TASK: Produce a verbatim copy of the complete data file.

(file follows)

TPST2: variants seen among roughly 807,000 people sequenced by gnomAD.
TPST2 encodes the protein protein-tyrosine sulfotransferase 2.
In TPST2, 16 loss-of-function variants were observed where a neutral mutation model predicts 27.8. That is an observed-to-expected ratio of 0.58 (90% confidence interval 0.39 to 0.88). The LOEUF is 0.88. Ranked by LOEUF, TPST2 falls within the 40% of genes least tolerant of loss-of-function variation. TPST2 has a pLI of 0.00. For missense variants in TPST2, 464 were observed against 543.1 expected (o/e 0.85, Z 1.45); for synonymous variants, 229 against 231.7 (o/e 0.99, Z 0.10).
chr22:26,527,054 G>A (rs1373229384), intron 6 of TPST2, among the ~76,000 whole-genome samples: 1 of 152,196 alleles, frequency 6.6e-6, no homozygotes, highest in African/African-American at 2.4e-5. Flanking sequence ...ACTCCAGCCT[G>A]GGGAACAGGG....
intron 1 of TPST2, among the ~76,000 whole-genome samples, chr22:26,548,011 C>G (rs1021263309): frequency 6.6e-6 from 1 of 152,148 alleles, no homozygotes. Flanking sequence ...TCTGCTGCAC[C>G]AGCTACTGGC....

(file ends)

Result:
TPST2: variants seen among roughly 807,000 people sequenced by gnomAD.
TPST2 encodes the protein protein-tyrosine sulfotransferase 2.
In TPST2, 16 loss-of-function variants were observed where a neutral mutation model predicts 27.8. That is an observed-to-expected ratio of 0.58 (90% confidence interval 0.39 to 0.88). The LOEUF is 0.88. Ranked by LOEUF, TPST2 falls within the 40% of genes least tolerant of loss-of-function variation. TPST2 has a pLI of 0.00. For missense variants in TPST2, 464 were observed against 543.1 expected (o/e 0.85, Z 1.45); for synonymous variants, 229 against 231.7 (o/e 0.99, Z 0.10).
chr22:26,527,054 G>A (rs1373229384), intron 6 of TPST2, among the ~76,000 whole-genome samples: 1 of 152,196 alleles, frequency 6.6e-6, no homozygotes, highest in African/African-American at 2.4e-5. Flanking sequence ...ACTCCAGCCT[G>A]GGGAACAGGG....
intron 1 of TPST2, among the ~76,000 whole-genome samples, chr22:26,548,011 C>G (rs1021263309): frequency 6.6e-6 from 1 of 152,148 alleles, no homozygotes. Flanking sequence ...TCTGCTGCAC[C>G]AGCTACTGGC....